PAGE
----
The black soil is very retentive of moisture. It swells greatly and becomes sticky when wet in rainy season. Under such conditions, it is almost impossible to work on such soil because the plough gets stuck in the mud.

However, in the hot dry season, the moisture evaporates, the soil shrinks and is seamed with broad and deep cracks, often 10 to 15 cm wide and upto a meter deep. This permits oxygenation of the soil to sufficient depths and the soil has extraordinary fertility.

Remarkably "self¬ploughed" by loosened particles fallen from the ground into the cracks, the soil "swallows" itself and retains soil moisture. This soil has been used for growing a variety of crops for centuries without adding fertilizers and manures, or even fallowing with little or no evidence of exhaustion.

A typical black soil is highly argillaceous with a large clay factor, 62 per cent or more, without gravel or coarse sand. It also contains 10 per cent of alumina, 9-10 per cent of iron oxide and 6-8 percent of lime and magnesium carbonates. Potash is variable (less than 0.5 per cent) and phosphates, nitrogen and humus are low. The structure is cloddish but occasionally friable.

In all regur soils in general, and in those derived from ferromagnesian schists in particular, there is a layer rich in kankar nodules formed by segregation of calcium carbonate at lower depths. As a general rule, black soils of uplands are of low fertility but they are darker, deeper and richer in the valleys.

Because of their high fertility and retentivity of moisture, the black soils are widely used for producing several important crops. Some of the major crops grown on the black soils are cotton, wheat, jowar, linseed, Virginia tobacco, castor, sunflower and millets. Rice and sugarcane are equally important where irrigation facilities are available. Large varieties of vegetables and fruits are also successfully grown on the black soils.

Important features of black soil:

• Regur means cotton – best soil for cotton cultivation.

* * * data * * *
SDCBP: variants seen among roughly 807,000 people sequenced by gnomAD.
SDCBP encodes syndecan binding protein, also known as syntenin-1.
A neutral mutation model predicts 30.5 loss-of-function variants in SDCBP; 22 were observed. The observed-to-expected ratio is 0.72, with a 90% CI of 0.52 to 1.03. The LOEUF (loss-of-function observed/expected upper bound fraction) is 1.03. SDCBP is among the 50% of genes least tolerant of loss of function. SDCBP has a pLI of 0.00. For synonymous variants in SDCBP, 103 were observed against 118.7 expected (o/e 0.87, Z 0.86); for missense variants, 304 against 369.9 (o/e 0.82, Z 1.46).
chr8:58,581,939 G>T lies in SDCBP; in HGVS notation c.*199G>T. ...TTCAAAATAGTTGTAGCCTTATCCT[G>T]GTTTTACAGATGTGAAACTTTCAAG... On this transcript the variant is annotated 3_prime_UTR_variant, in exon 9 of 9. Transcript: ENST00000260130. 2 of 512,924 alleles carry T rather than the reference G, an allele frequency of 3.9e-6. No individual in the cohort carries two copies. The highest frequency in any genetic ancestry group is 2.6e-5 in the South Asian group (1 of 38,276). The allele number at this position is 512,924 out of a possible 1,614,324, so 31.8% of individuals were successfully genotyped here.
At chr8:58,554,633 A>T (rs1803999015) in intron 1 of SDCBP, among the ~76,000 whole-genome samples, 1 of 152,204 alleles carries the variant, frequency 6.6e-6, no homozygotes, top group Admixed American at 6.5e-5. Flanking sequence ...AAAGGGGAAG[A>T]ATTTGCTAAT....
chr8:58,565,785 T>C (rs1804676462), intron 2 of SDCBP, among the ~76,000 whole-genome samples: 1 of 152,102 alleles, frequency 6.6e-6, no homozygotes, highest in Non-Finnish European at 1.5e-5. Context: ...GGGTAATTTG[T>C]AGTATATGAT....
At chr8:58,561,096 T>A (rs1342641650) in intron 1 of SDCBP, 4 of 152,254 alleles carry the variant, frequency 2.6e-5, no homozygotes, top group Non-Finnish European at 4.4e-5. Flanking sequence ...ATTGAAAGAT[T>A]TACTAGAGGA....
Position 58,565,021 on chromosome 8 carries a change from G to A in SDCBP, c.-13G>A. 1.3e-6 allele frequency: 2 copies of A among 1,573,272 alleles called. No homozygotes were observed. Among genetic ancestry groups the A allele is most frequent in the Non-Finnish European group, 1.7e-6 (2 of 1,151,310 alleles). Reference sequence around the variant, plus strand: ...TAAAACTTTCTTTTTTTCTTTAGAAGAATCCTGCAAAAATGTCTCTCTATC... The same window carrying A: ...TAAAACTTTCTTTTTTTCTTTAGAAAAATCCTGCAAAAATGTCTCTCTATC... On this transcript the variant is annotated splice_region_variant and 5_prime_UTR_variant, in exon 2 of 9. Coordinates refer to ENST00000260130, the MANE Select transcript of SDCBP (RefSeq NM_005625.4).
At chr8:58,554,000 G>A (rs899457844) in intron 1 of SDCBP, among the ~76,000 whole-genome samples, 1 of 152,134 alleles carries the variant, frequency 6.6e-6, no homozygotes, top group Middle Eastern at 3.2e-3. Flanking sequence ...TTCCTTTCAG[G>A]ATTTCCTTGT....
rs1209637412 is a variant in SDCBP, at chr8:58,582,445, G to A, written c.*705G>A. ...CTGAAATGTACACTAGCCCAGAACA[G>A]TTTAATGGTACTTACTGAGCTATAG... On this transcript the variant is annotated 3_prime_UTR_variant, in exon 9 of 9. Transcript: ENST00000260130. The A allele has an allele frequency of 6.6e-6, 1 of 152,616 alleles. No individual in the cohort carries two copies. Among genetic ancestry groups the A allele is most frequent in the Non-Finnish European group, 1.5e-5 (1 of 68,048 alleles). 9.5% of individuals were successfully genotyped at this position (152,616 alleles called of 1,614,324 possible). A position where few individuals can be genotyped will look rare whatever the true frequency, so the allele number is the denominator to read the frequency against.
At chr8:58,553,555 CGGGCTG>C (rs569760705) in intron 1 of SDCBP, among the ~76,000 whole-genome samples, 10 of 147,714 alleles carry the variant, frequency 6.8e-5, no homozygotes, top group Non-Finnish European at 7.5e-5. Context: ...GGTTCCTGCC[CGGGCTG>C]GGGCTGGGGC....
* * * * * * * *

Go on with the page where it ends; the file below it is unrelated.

• Most of the Deccan is occupied by Black soil.

• Mature soil.

• High water retaining capacity.

• Swells and will become sticky when wet and shrink when dried.

• Self-ploughing is a characteristic of the black soil as it develops wide cracks when dried.

• Rich in: Iron, lime, calcium, potassium, aluminum and magnesium.

• Deficient in: Nitrogen, Phosphorous and organic matter.

• Colour: Deep black to light black.

• Texture: Clayey.

Map showing Black cotton soils in India

Assistant Professor of Agronomy
Padmashree Dr. Vithalrao Vikhe Patil Foundation's College of Agriculture, Ahmednagar
Contact: 9420396920, Email: hlshirsath [at]

Black Soil Characteristics and Constraints

The soils developed on schists and gneisses and are moderately shallow (50-75 cm) to moderately deep (75-100 cm) where as those developed on basalt are deep (100-150 cm) to very deep (>150 cm). These soils are highly argillaceous with clay content varying from 30-80%.

Read More

Introduction of Black Soil

Black soil in India is rich in metals such as Iron, Magnesium and Aluminum. However it is deficient in Nitrogen, Potassium, Phosphorous and Humus. Black soil is of red colour mainly due to its iron oxide content. This soil shares 15 % of all types of soil in India. These soils are made up of volcanic rocks and lava-flow. It is concentrated over Deccan Lava Tract which includes parts of Maharashtra, Chhattisgarh, Madhya Pradesh, Gujarat, Andhra Pradesh and Tamil Nadu.

Typical characteristics of this black soil are swelling (during wet period) and shrinkage (dry period). While dry, it forms very deep cracks of more than 30-45 cm. In Kovilpatti (Tamil Nadu) areas the cracks may extend to 2 to 3 m with a width of 1 to 6 cm. Field preparations takes longer time compared to other soil. Only after secondary tillage, the soil is suited for crop production.

The soils are fine grained contain high proportion of Calcium and Magnesium carbonates. Black soil holds more moisture and available for a long time.In Tamil Nadu Black soils have high pH (8.5 to 9) and are rich in lime (5-7%), have low permeability. The soils are with more cation exchange capacity (40-60 m.e./100 g). Crops cultivated from this type of soil are Rice, Ragi, Sugarcane and Cashew nuts etc. This type of soil formed as a result of high leaching and found in the areas of high rainfall.